Monday, May 6, 2013

When Children Want Children and Rosa Lee: two books by Leon Dash

In 1984, Leon Dash, a journalist for the Washington Post, rented an apartment in a Washington D.C. ghetto for eighteen months and became intimately involved with six families.  He journaled his experiences with these families in an attempt to get at the heart of why so many black girls become unwed mothers.

 What he found was that it was not a lack of education or government intervention plans that allowed it.  These young girls knew exactly what they were doing.  They were not simply being promiscuous and finding themselves pregnant.  They were having sex and multiple sex partners with the objective of getting pregnant.

 They knew all about sex education from school.  The local clinics provided them with free birth control as well as state funded abortions.  These girls used none of these things.  They wanted to get pregnant.  They pursued sex with the intention of getting pregnant.

Dash realized these girls were not the victims but were the aggressors who pressured boys and even men to have sex with them for no other reason than to have children.

This unexpected discovery led Dash to search for answers.  Why were these girls engaging in a practice that produced poverty and misery?  His search caused him to delve into the back story and family tree of each of these girls. 

His conclusions were that these girls were not getting pregnant to increase a welfare check or out of ignorance but because the culture of their community elevated the status of women when they became mothers.  He traces this phenomenon back to the generation of these girls’ great grandparents who were sharecroppers in the south.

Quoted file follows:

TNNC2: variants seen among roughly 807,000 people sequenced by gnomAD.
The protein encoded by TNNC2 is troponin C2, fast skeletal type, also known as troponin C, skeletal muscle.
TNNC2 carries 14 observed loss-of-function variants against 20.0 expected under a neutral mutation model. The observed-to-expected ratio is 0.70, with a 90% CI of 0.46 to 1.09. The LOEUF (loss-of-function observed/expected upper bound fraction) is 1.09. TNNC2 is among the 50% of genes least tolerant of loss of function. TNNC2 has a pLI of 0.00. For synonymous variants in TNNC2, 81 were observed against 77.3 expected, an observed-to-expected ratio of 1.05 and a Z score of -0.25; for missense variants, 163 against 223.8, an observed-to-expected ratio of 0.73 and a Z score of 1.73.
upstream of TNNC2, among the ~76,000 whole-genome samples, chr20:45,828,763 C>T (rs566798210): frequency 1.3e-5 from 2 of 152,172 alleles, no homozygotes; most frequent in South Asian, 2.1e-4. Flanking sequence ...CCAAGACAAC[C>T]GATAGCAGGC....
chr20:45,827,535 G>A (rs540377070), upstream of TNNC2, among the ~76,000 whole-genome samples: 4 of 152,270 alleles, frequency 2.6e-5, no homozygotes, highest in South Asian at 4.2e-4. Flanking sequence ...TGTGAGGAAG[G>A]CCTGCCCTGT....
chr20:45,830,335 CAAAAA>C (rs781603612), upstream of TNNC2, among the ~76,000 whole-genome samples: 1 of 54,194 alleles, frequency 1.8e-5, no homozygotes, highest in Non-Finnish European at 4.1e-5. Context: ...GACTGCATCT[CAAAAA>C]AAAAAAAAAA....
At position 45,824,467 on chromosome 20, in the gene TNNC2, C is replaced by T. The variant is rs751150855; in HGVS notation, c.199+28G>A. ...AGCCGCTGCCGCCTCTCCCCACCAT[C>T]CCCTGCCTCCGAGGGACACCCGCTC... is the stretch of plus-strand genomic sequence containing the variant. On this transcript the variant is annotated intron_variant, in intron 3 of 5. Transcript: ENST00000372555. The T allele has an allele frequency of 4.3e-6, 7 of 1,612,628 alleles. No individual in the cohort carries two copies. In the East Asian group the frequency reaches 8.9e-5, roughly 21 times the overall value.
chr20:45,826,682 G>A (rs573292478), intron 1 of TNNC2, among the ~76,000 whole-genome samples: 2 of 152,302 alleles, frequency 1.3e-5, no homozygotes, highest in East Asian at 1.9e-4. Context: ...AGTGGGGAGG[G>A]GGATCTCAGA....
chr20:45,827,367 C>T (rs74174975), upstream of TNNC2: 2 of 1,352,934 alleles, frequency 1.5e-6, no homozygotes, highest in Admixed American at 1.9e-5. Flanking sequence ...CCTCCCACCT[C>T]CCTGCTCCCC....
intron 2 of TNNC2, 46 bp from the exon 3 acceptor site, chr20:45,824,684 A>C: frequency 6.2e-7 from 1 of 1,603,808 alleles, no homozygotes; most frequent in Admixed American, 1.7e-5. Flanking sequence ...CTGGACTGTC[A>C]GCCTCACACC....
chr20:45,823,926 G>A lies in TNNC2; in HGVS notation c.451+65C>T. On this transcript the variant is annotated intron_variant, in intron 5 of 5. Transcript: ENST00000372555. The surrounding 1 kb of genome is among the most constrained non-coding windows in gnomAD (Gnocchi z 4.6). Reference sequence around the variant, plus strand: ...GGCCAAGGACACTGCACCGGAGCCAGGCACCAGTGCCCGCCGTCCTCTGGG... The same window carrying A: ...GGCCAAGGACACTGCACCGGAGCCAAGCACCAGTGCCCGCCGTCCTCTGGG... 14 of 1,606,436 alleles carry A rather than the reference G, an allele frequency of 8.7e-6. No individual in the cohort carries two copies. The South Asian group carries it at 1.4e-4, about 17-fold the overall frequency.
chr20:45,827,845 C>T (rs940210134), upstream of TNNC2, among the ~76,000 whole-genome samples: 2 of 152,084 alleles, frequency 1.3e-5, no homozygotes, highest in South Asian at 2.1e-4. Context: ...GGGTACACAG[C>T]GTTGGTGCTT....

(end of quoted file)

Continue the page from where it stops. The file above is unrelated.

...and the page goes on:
He holds the white plantation owners who enslaved and sexually abused the black women responsible for this generational cycle of out of wedlock pregnancy.

Dash’s second book, Rosa Lee:  A Mother and Her Family in Urban America is about a woman in her fifties, Rosa Lee, who is a heroin addict and is HIV positive.  All but two of her eight children are also drug addicts and criminals and two of them are also HIV positive.

Dash spent four years with Rosa getting to know her and her family.  Again he searched their backgrounds and pretty much arrives at the same conclusion as in his first book:  that living as share croppers in the south caused a break down of the family and produced the lawlessness, out of wed lock pregnancies, and eventual death of Rosa and her two children.

Dash in both books is unapologetic and honest.  He traces Rosa’s life of crime to when she stole as a child that led to her shoplifting as an adult.  She even trained her children and grandchildren how to steal and sell the stolen items.

 Her recurring theme is, “I’m just trying to survive!”  However, that doesn’t explain that most of the money she obtains through her criminal behavior, prostituting herself as well as her children, and also her and her children’s welfare checks go to maintain her heroin habit.